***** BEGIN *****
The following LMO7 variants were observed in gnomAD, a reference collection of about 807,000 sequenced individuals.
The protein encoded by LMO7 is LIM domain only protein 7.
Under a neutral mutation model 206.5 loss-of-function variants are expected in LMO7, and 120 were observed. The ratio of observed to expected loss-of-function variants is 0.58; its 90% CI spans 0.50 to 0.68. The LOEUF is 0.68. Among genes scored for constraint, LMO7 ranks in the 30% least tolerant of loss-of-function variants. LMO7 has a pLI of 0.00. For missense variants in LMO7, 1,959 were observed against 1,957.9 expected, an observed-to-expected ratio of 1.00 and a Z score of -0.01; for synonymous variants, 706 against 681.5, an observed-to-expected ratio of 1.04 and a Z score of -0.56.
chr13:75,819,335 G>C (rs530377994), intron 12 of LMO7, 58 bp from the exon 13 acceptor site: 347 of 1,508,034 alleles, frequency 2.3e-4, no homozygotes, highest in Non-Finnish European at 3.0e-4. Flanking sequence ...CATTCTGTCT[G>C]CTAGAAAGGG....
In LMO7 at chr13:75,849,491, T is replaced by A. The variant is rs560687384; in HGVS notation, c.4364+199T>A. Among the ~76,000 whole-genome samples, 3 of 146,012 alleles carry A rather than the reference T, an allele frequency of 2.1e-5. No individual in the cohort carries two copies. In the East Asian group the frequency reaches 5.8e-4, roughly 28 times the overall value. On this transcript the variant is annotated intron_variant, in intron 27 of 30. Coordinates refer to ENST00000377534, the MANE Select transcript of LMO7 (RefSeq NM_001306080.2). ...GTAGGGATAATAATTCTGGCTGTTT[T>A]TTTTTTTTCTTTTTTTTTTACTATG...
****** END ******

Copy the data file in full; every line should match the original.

The following LMO7 variants were observed in gnomAD, a reference collection of about 807,000 sequenced individuals.
The protein encoded by LMO7 is LIM domain only protein 7.
Under a neutral mutation model 206.5 loss-of-function variants are expected in LMO7, and 120 were observed. The ratio of observed to expected loss-of-function variants is 0.58; its 90% CI spans 0.50 to 0.68. The LOEUF is 0.68. Among genes scored for constraint, LMO7 ranks in the 30% least tolerant of loss-of-function variants. LMO7 has a pLI of 0.00. For missense variants in LMO7, 1,959 were observed against 1,957.9 expected, an observed-to-expected ratio of 1.00 and a Z score of -0.01; for synonymous variants, 706 against 681.5, an observed-to-expected ratio of 1.04 and a Z score of -0.56.
chr13:75,819,335 G>C (rs530377994), intron 12 of LMO7, 58 bp from the exon 13 acceptor site: 347 of 1,508,034 alleles, frequency 2.3e-4, no homozygotes, highest in Non-Finnish European at 3.0e-4. Flanking sequence ...CATTCTGTCT[G>C]CTAGAAAGGG....
In LMO7 at chr13:75,849,491, T is replaced by A. The variant is rs560687384; in HGVS notation, c.4364+199T>A. Among the ~76,000 whole-genome samples, 3 of 146,012 alleles carry A rather than the reference T, an allele frequency of 2.1e-5. No individual in the cohort carries two copies. In the East Asian group the frequency reaches 5.8e-4, roughly 28 times the overall value. On this transcript the variant is annotated intron_variant, in intron 27 of 30. Coordinates refer to ENST00000377534, the MANE Select transcript of LMO7 (RefSeq NM_001306080.2). ...GTAGGGATAATAATTCTGGCTGTTT[T>A]TTTTTTTTCTTTTTTTTTTACTATG...